{¶ 6} The state now appeals, raising the following single assignment of error for review.

{¶ 7} THE TRIAL COURT ERRED BY AMENDING THE CHARGE FROM DOMESTIC VIOLENCE TO DISORDERLY CONDUCT.

{¶ 8} In its single assignment of error, the state argues that the trial court erred by sua sponte amending the charge from first-degree misdemeanor domestic violence to a lesser charge of minor misdemeanor disorderly conduct. We agree.

{¶ 9} Although a procedural oddity, this exact factual scenario occurred in Akron v. Shuman, 9th Dist. Summit No. 18851, 1998 Ohio App. LEXIS 2472 (May 27, 1998). In Shuman, just like in the case at bar, a complaint was issued charging appellant with one count of domestic violence. The trial court, however, sua sponte amended the complaint "to the lesser charge of disorderly conduct and sentenced [appellant] accordingly." Id. at *1. The state then appealed arguing that "the trial court abused its discretion by amending a charge of domestic violence to disorderly conduct without the involvement of the prosecutor." Id. at *2. The Ninth District Court of Appeals agreed. In so holding, the Ninth District stated:

[T]he trial court acted outside its discretion when it amended the charge against [appellant] from domestic violence to disorderly conduct. In doing so, the trial court deprived [the state] of its day in court. The action of the trial court in sua sponte amending the charge constituted a violation of Crim.R. 7(D).
(Internal citations and emphasis deleted) Id.

{¶ 10} Pursuant to Crim.R. 7(D), a trial court may amend a complaint at any time either before, during, or after a trial "in respect to any defect, imperfection, or omission in form or substance, or of any variance with the evidence, provided no change is made in the name or identity of the crime charged." "If an amendment changes the penalty or degree of the charged offense, it changes the identity of the offense and is not permitted by Crim.R. 7(D)." State v. Bradley, 12th Dist. Warren No. CA2016-11-094, 2017-Ohio-7121, ¶ 19, citing State v. Davis, 121 Ohio St.3d 239, 2008-Ohio-4537, ¶ 13. "Whether or not an amendment changes the name or identity of the offense with which one is charged is a matter of law, and therefore we must review this issue de novo." State v. McGlothin, 12th Dist. Clermont No. CA2015-02-017, 2015-Ohio-2992, ¶ 19, citing State v. Craft, 181 Ohio App.3d 150, 2009-Ohio-675, ¶ 22 (12th Dist.).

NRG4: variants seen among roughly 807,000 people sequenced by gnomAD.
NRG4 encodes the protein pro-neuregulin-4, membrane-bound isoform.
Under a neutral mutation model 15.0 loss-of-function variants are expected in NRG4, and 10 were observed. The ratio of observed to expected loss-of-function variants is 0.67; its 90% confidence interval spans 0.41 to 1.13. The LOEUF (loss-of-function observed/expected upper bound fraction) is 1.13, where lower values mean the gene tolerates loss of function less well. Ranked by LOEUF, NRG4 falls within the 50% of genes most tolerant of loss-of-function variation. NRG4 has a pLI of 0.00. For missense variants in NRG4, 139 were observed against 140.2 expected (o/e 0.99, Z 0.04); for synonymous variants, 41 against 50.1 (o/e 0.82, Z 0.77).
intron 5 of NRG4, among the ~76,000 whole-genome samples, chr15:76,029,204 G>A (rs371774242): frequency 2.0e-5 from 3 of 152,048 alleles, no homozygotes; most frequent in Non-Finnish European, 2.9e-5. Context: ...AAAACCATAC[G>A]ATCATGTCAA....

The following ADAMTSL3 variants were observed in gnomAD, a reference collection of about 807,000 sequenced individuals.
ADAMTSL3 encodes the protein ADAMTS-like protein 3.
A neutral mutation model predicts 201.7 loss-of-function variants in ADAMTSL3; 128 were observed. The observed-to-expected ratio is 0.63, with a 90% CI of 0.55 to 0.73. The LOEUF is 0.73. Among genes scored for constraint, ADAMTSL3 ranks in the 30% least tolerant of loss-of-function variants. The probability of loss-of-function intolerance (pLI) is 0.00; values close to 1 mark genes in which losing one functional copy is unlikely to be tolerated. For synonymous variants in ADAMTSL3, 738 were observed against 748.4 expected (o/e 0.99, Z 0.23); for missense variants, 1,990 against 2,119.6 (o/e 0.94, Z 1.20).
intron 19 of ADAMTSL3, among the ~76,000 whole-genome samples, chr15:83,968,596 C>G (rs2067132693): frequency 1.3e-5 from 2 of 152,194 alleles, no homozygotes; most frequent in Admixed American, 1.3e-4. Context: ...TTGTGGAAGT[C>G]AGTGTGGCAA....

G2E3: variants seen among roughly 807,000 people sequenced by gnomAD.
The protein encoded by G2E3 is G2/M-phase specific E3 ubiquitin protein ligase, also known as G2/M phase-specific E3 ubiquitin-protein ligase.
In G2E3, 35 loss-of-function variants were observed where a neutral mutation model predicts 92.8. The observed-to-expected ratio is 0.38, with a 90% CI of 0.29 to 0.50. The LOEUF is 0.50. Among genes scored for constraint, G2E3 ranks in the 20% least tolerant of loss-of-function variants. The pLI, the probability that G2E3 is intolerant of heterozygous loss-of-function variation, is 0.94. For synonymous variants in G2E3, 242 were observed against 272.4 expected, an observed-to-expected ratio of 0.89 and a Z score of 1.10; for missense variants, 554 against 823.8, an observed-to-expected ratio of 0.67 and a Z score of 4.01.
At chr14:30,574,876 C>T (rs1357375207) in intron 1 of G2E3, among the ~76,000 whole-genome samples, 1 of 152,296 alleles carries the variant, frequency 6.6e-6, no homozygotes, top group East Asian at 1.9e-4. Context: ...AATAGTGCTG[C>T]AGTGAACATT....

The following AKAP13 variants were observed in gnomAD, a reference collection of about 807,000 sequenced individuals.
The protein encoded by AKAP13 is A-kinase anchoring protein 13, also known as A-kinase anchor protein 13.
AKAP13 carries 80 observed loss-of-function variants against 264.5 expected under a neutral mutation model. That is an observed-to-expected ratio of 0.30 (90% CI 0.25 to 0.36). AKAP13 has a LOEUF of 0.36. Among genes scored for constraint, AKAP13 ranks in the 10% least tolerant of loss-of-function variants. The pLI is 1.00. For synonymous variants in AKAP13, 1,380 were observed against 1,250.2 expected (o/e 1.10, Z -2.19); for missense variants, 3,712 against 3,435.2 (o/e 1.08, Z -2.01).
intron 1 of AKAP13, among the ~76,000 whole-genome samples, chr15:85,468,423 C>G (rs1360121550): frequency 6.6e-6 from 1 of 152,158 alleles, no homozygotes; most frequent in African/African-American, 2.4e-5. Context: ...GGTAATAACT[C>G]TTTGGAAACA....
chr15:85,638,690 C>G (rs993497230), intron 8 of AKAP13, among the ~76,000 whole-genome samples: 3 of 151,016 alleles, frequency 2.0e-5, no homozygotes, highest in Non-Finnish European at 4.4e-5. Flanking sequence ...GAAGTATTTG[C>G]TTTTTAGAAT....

{¶ 11} Here, the trial court's decision to sua sponte amend the charge from domestic violence to disorderly conduct changed both the name and identity of the offense. As noted above, the complaint charged McKeever with domestic violence, a first-degree misdemeanor. The amendment, however, charged McKeever with disorderly conduct, a minor misdemeanor. Therefore, just like in Shuman, the trial court's decision to sua sponte amend the charge from domestic violence to disorderly conduct without any involvement of the state constituted a violation of Crim.R. 7(D). Rather than the trial court judge, "[t]he decision whether to prosecute and what charge to file is within the prosecutor's discretion." State v. Lewis, 5th Dist. Coshocton No. 2019CA0009, 2019-Ohio-4193, ¶ 9, citing State ex rel. Jones v. Garfield Heights Municipal Court, 77 Ohio St.3d 447, 448 (1997); and Mootispaw v. Eckstein, 76 Ohio St.3d 383, 385 (1996). Therefore, because the trial court erred by sua sponte amending the charge from first-degree misdemeanor domestic violence to a lesser charge of minor misdemeanor disorderly conduct, the state's single assignment of error is sustained.

{¶ 12} Judgement reversed and remanded for further proceedings.

HENDRICKSON, P.J., and M. POWELL, J., concur.